View the full score of
This page will link you to the full score of Barry Drogin's "After", completed in 2002 as part of the song cycle, "September 11 Songs."
- Click here to view a PDF file containing the full score.
- Click here to view the lyrics to "After" while listening to a MIDI realization for cello and piano.
- Click here to access a RealAudio stream of an archived live June 7, 2003 radio performance on Kalvos & Damian's New Music Bazaar of an a cappella version.
(There is a 30 second funding advertisement prior to gaining access to the stream. Use the RealPlayer scroll bar to move forward to 01:50:55.
Expanding RealPlayer to full screen will help in manipulating the scroll bar. Unlike an MP3, after buffering, the stream will be immediately accessible, even on dial-up.
The performance is proceeded by an introduction at 01:47:12 and followed by futher commentary as well.)
About the Piece
The text for "After" was written by the composer. The piece is dedicated to the memory of Martha Schlamme.
About the Piece's Origins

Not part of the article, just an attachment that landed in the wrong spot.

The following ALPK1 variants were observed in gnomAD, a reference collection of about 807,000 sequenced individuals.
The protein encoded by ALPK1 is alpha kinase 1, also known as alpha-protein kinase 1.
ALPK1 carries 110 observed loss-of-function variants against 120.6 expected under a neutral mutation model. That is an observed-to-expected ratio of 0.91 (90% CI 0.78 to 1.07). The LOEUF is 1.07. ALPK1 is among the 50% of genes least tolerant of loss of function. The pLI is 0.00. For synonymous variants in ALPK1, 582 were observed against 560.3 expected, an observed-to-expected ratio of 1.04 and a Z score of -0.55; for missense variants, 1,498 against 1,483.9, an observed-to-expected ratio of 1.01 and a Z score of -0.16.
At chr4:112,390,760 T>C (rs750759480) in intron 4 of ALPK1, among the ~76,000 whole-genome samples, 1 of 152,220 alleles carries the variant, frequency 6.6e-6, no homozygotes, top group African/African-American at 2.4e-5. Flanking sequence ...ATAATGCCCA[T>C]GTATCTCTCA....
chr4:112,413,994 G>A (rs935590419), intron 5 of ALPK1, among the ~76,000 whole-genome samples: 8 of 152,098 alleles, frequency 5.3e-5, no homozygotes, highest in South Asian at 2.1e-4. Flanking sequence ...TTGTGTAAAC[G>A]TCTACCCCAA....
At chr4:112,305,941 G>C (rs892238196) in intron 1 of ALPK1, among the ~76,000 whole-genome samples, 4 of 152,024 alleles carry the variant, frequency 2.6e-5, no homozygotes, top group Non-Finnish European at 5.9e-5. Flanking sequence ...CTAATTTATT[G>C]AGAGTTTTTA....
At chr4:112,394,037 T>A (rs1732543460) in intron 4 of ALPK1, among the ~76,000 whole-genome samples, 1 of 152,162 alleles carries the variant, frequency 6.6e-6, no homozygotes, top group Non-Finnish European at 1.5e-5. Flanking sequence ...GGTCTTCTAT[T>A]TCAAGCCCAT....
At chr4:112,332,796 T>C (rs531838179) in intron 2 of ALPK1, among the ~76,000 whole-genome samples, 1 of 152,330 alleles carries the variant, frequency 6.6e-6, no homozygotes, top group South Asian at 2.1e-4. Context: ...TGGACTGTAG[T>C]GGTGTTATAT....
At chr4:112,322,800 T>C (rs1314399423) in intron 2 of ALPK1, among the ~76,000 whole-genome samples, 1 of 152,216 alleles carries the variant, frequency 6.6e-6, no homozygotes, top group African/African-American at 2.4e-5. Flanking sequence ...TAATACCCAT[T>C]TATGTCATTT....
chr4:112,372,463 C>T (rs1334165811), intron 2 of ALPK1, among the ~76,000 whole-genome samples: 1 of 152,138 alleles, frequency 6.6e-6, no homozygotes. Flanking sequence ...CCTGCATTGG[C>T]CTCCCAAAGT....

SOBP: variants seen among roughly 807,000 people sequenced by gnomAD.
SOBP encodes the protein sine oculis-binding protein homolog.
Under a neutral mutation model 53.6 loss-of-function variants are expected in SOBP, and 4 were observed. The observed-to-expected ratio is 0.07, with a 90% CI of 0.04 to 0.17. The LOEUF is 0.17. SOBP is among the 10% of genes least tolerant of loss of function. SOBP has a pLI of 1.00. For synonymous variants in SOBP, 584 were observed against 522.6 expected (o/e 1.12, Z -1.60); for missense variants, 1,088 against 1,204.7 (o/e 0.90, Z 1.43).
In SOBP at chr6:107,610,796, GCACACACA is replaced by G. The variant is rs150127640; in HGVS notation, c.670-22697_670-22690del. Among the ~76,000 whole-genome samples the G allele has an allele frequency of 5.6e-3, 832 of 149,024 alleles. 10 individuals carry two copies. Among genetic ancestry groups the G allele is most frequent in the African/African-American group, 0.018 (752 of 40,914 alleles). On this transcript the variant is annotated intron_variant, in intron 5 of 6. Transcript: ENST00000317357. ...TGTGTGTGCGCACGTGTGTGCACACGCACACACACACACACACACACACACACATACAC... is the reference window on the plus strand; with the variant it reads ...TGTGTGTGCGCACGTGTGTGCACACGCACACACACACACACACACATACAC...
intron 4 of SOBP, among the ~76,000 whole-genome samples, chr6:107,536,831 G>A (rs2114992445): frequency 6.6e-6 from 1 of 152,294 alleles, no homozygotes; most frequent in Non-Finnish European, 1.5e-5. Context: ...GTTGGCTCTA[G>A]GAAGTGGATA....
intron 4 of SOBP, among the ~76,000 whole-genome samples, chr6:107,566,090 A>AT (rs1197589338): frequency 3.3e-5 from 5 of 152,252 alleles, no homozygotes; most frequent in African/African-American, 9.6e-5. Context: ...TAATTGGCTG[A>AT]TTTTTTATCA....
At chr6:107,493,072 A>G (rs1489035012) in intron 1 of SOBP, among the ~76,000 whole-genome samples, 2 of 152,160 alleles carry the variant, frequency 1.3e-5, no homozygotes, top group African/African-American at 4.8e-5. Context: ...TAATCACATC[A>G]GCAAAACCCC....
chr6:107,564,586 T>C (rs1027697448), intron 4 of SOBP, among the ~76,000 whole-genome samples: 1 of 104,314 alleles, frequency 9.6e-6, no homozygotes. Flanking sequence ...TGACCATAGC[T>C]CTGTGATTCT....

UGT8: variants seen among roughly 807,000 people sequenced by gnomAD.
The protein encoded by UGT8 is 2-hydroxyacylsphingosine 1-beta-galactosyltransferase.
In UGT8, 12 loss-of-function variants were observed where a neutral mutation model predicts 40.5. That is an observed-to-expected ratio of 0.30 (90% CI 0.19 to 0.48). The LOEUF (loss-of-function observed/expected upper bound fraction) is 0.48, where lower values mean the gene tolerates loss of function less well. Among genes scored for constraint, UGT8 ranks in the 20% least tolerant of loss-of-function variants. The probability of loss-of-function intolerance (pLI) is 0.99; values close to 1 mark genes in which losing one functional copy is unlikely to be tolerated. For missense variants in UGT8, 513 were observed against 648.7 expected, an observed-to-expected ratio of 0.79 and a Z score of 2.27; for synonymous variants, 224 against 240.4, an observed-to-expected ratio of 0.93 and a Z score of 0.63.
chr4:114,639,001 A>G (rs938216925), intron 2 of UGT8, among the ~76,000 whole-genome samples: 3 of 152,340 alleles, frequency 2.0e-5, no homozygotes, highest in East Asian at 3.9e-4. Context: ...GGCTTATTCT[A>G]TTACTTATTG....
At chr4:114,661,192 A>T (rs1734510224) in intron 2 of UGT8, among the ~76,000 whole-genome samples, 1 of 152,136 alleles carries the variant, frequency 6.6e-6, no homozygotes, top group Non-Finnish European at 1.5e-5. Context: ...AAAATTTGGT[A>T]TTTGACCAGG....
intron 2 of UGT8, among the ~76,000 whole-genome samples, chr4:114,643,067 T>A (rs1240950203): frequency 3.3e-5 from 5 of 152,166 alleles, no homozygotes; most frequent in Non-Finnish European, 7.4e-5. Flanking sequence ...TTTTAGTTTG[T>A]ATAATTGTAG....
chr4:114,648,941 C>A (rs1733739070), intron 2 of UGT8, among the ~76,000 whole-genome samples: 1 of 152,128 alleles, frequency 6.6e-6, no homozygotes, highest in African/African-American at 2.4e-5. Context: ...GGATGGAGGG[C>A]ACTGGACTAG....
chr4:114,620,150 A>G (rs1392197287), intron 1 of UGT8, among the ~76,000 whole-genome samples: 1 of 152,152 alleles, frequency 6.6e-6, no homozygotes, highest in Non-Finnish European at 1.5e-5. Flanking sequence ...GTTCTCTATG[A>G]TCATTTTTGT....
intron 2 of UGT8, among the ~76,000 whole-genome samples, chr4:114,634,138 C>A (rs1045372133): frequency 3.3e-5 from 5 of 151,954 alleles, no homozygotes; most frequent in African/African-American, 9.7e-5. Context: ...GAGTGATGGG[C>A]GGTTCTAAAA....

Months after the composer's personal experience of 9/11, he wrote an autobiographical stream-of-consciousness poem which he has since been trying to transform into the cabaret song cycle, "September 11 Songs." After several drafts, the composer attempted a rhyming version of the first part of the poem, which developed into "After."
About the Music
The melody for "After" was first devised as a "dummy melody" to support the rhyme scheme. After completing the draft, the composer flew to Europe to attend NewOp11, and found he couldn't get the melody out of his head. Upon his return he wrote it down, and then devised a piano accompaniment.
Unlike the other three songs which complete the song cycle, "After" can be performed as a stand-alone piece, sung a cappella, with the piano accompaniment the composer has provided, or in an arrangement of the performer's choosing. Chords are notated in the score to encourage arrangements for guitar.
Although the song follows certain song conventions, the composer was surprised to discover that each verse is not 16 measures long.
The song is emotional and sad, as befits its subject matter, and ends on an unresolved seventh chord.
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Barry Drogin must be notified of all live performances and/or audio recordings
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Snail Mail: Barry Drogin, 720 Greenwich Street #5T, NY, NY 10014
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Last Updated: November 23, 2008